that he always paid in $50 bills. Even when he got change from one purchase, he still paid for the next
with a fifty. And if the place didnâ€™t have change, he would just get more useless shit rather than use
something smaller he had gotten back before.
At first Jerry had thought Mark was selling drugs, it was the only thing that really made sense given Markâ
€™s current quirks. The only problem was that Mark wasnâ€™t that kind of guy. He didnâ€™t smoke
tobacco or drink alcohol much less dabble in hard or even prescription drugs. Jerry had experimented with
his share of mind-altering amusements and had a few dealers on speed dial, and quite frankly Mark didnâ
€™t fit the profile. Perhaps even more than anything, Mark knew Jerry was an occasional toker and
never had he offered him anything, be it in friendship or as business.
â€œHey, Mark.â€� Jerry called out while holding two DVDs in his hands, bought unopened. â€œWhy do
you have four copies of â€˜Expendablesâ€™?â€�
â€œDo I?â€� Mark responded from the kitchen, his tone flat and unbothered. â€œI guess I keep
forgetting I have it already. Itâ€™s a good movie, take one if you want.â€�
â€œI already did.â€� Jerry muttered under his breath and tossed the cases onto the packed shelf. â
€œLast week when you had three copies.â€�
Jerry wandered into the kitchen, stepping over three unopened WWE action figures and a Buddha statue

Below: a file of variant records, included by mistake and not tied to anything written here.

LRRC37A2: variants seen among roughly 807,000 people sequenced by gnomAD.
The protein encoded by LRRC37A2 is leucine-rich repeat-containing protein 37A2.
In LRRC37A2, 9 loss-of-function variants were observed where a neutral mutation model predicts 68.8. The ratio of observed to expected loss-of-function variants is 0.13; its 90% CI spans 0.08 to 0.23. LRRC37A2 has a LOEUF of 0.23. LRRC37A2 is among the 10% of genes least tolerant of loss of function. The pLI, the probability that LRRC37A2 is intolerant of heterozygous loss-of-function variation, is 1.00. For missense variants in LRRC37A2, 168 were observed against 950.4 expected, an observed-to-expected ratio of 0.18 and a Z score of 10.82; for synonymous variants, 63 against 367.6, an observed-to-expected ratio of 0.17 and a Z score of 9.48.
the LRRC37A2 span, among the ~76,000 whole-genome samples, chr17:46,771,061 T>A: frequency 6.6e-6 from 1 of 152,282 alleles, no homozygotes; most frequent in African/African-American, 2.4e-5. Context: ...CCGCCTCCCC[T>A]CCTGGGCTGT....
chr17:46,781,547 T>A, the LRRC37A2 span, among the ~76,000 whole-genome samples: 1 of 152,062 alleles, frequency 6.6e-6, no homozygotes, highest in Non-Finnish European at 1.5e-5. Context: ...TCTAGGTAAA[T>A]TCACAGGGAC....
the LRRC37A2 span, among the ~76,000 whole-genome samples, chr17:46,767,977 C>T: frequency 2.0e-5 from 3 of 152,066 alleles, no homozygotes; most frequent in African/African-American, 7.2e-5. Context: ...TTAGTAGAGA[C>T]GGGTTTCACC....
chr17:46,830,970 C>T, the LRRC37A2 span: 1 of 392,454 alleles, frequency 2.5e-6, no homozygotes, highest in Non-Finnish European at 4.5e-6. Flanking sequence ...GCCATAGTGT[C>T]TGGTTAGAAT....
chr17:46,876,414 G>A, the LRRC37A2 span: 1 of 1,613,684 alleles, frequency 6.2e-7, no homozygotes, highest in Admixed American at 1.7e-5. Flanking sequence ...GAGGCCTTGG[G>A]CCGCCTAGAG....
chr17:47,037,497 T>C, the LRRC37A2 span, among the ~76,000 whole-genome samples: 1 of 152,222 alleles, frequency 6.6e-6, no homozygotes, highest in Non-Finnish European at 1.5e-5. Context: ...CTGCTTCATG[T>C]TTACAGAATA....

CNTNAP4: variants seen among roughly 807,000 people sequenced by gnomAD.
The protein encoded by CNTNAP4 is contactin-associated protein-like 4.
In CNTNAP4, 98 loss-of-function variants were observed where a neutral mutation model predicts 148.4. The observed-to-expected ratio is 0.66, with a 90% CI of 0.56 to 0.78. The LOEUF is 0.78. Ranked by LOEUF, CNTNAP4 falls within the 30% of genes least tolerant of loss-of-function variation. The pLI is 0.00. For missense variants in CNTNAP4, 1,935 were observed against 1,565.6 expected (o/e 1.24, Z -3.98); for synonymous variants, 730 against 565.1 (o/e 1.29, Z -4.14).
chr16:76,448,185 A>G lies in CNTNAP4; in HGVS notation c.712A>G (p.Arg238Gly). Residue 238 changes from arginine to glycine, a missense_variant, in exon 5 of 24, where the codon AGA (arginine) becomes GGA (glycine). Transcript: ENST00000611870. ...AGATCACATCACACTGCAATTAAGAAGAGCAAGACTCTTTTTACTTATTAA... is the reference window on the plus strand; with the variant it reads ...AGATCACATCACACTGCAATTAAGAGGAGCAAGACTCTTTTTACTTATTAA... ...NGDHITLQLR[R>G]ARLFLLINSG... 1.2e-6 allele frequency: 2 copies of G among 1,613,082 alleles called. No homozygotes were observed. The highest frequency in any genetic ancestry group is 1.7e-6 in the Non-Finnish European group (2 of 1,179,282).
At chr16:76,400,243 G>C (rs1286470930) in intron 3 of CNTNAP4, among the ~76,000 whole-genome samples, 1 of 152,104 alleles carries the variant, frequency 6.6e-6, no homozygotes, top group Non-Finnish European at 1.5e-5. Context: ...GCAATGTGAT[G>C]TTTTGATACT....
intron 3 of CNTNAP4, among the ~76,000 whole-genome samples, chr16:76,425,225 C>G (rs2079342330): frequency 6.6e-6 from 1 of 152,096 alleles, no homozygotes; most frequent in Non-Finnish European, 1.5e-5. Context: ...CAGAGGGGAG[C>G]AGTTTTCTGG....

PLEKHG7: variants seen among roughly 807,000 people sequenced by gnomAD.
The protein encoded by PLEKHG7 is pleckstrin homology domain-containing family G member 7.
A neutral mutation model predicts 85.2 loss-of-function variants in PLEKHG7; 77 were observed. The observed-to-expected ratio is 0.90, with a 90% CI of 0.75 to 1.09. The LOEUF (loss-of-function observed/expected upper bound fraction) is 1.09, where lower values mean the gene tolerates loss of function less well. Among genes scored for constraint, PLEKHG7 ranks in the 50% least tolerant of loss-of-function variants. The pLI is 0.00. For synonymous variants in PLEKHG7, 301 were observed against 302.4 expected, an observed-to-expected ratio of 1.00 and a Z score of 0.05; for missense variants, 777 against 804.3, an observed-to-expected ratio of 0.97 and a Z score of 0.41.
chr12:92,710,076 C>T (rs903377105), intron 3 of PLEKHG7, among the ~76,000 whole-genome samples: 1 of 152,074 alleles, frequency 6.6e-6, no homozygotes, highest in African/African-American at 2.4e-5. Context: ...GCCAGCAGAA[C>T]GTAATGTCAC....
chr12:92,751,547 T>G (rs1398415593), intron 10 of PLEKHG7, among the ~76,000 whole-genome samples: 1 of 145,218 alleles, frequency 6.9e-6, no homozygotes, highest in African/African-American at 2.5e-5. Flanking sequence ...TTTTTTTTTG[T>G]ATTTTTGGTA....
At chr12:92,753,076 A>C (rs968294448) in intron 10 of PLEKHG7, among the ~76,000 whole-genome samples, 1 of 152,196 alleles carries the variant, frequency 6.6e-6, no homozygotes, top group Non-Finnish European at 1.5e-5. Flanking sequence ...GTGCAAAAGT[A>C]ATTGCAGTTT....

carved from real jade thrown onto the floor. He found Mark mixing something in a pitcher. He asked what
he was doing simply out of the need to say something to which Mark murmured that he was mixing tea for
later; Jerry saw that it was imported tea from a bamboo box and looked expensive.
â€œYou got anything to eat? Iâ€™m frigginâ€™ starving.â€� Jerry muttered as he opened the pantry.
There was no food, no spices or mixes, no cooking ware, only salt. Boxes and boxes of salt. The sight
overwhelmed Jerry and he found that he was knocked speechless. After gawking at the wall of salt for a
solid forty-five seconds, Jerryâ€™s mind managed to refocus and he croaked out a nervous â€œOkay,
dude, what the hell? Are you selling dope?â€�
Still unable to take his eyes off the bizarre pantry of salt, Jerry heard Mark chuckle softly just before he
shook his head and responded â€œNo, not dope. Saltâ€�
â€œSalt? Youâ€™re sellingâ€¦salt?â€�
Jerry wanted to ask the obvious question of who exactly would buy salt, but the words fumbled over his
numb lips. Fortunately, Mark was ready for the answer to the phantom question.
â€œGhosts.â€� he said in a very straightforward manner, as if he were simply saying nuns or yoga moms.
That bigger oddity got Jerryâ€™s attention away from the salt. With a feeling quite akin to suffering the
effects of a fever dream, he ran his tongue over his teeth.
â€œGhosts.â€� Jerry repeated the word as if he had never before heard the word mentioned in the
English language. His friendâ€™s reply was a lazy nod. â€œYouâ€™re selling,â€� he gestured